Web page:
By: Brenda L. Storey, Esq.
Abuse takes many forms– physical, verbal, financial, intimidation, manipulation. There is no justification for any form of it, and I carefully make this next statement: It takes two, so remove yourself. It is easier said than done, but it must be said and it must be done. If you are the victim of any form of abuse, you must get away from it.
In my practice I am seeing more and more borderline personality traits, which include emotional blackmail, manipulation, and crazy making. It is, in essence, an emotional way to exert control over another. Sometimes, this involves convincing the partner that he or she is bad, no one would agree with him or her, and he/she is lucky to be loved by the abuser. It can also include promises to get certain immediate responsive behavior, just to later be told such promises were never made. The victim is left spinning, exhausted, scared. Yet, the victims cannot stop themselves from engaging. It is a trained response, and one that feels most “normal” to them.
The first step is to get away from the abuser. This means physically as well as any contact. This is, actually, the hardest step, as the abuser, sensing loss of control, ups the antics. It gets worse before it gets better. But if the victim stays true to the boundaries, it is amazing how quickly he or she finds peace, quiet and an opportunity to return to one’s true self. When the chaos is gone, the victim is able to see clearly the manipulation and emotional blackmail they endured that was not apparent when in the thrust of it all. Therapy is so beneficial for the victims at such a juncture, to process their experiences with a clear mind and “undo” the crazy making while working through what got them to that point and how to never be in such a relationship again.
If there are children involved, this is all the more difficult. There must still be some level of communication, so the victim must be vigilant to keep it to only talk about the children and even then the minimum of what is necessary. There are great communication tools, such as TalkingParents, that can be used as to the sole communication avenue between the parents. Every word is cemented, and saved, and cannot be deleted or altered. As such, if the abuser attempts to violate boundaries, there is a record of it. The victim learns to simply not respond to the transgressions, and there is a record of that non-response as well. These communication tools are email-based, so are slower, and eliminates phone calls and texts, that can be rapid fire and all-consuming. The abuser will not simply abide by the boundaries being attempted to be imposed, so a block is sometimes necessary.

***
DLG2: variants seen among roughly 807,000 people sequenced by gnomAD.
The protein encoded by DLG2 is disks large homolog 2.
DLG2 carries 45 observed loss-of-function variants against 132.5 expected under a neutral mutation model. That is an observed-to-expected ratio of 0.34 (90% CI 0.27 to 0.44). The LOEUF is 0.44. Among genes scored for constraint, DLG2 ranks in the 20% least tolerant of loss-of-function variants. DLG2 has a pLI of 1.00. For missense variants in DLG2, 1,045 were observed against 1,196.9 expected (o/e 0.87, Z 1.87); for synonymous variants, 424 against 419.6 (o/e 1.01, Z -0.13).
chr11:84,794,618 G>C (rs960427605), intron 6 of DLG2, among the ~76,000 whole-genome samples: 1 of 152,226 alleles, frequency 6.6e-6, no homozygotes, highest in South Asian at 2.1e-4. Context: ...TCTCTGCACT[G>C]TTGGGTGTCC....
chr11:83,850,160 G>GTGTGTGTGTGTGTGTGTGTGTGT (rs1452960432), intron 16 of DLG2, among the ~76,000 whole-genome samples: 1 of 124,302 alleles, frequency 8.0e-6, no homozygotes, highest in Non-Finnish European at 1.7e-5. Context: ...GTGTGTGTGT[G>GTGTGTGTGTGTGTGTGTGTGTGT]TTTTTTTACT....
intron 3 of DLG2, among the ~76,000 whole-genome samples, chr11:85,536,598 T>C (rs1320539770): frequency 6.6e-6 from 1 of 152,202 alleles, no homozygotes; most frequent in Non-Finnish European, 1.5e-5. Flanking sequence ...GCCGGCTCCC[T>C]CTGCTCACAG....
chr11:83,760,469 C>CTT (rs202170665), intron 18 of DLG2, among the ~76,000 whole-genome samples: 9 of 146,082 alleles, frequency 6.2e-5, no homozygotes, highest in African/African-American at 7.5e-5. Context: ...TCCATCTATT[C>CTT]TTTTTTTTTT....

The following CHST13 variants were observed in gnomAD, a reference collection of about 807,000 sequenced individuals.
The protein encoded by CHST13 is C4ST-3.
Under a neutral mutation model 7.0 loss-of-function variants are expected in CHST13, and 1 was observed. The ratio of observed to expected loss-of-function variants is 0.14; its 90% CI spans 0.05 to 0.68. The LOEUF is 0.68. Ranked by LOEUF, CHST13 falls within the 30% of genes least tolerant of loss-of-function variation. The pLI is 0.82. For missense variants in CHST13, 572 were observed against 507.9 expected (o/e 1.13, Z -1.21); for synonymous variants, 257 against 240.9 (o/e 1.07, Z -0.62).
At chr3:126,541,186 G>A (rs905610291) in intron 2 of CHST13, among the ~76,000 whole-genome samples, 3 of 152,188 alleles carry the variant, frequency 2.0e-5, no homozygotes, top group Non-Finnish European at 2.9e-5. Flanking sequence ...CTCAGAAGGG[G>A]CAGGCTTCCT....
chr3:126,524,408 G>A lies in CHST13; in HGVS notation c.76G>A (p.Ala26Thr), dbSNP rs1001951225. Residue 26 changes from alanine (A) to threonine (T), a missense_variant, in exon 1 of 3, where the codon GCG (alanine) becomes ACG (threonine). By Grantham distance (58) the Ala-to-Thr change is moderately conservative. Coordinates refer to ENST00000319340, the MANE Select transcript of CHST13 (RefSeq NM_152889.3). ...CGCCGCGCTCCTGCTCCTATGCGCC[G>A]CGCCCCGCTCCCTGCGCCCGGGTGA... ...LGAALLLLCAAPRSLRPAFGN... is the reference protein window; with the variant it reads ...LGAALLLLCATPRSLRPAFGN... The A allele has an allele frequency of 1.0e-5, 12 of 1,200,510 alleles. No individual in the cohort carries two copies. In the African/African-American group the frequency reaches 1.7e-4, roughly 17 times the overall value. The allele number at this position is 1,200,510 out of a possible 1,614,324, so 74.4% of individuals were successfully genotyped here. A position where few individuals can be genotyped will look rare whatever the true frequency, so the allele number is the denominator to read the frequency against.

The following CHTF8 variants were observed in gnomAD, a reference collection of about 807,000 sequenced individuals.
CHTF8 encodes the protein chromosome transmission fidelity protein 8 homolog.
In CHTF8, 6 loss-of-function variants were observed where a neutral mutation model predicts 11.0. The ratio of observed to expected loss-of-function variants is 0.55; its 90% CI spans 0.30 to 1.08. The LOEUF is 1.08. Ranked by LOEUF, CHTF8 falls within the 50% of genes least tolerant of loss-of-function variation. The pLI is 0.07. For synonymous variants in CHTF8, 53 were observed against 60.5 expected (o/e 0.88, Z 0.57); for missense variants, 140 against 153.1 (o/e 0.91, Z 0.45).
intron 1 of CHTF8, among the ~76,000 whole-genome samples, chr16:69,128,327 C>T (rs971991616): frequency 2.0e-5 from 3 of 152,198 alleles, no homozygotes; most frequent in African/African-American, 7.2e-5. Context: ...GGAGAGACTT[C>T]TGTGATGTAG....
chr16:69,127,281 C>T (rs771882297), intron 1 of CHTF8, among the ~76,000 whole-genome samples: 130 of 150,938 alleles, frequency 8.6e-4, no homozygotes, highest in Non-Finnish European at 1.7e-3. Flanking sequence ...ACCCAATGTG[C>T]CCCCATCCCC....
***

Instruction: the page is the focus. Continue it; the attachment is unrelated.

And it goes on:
The next concern, though, is that the abuser will direct the emotional blackmail, intimidation, and manipulation onto the children, now that the adult victim has stepped out of the role. As difficult as it is for an adult to be the target of this kind of emotional abuse, it is overwhelming and beyond confusing for a child. The key is to go slow with parenting time between the victim and the children, get them in their own therapy with a good therapist who understands this kind of abuse, and see a skilled Parental Responsibilities Evaluator to help a court understand the risks presented and the best limits for the children. I cannot stress enough that family therapy between the children and the abuser should be avoided. The abuser can, outside of sessions, falsely cite to the therapist against the children, inaccurately using the therapist as a third party manipulation of the children.
In addition to protecting the children from being the victims of abuse, a goal needs to be to help them not to develop similar tendencies as the perpetrator. It can be a learned response, making even more crucial that the parent victim get out of the situation, get strong for him or herself, and then be strong for the children.
I have had the pleasure of seeing all of my clients who have been victims of this type of abuse get away from it, come out of the fog, and find themselves again. Each has done the hard work, set the boundaries, and rescued their children. It can be done.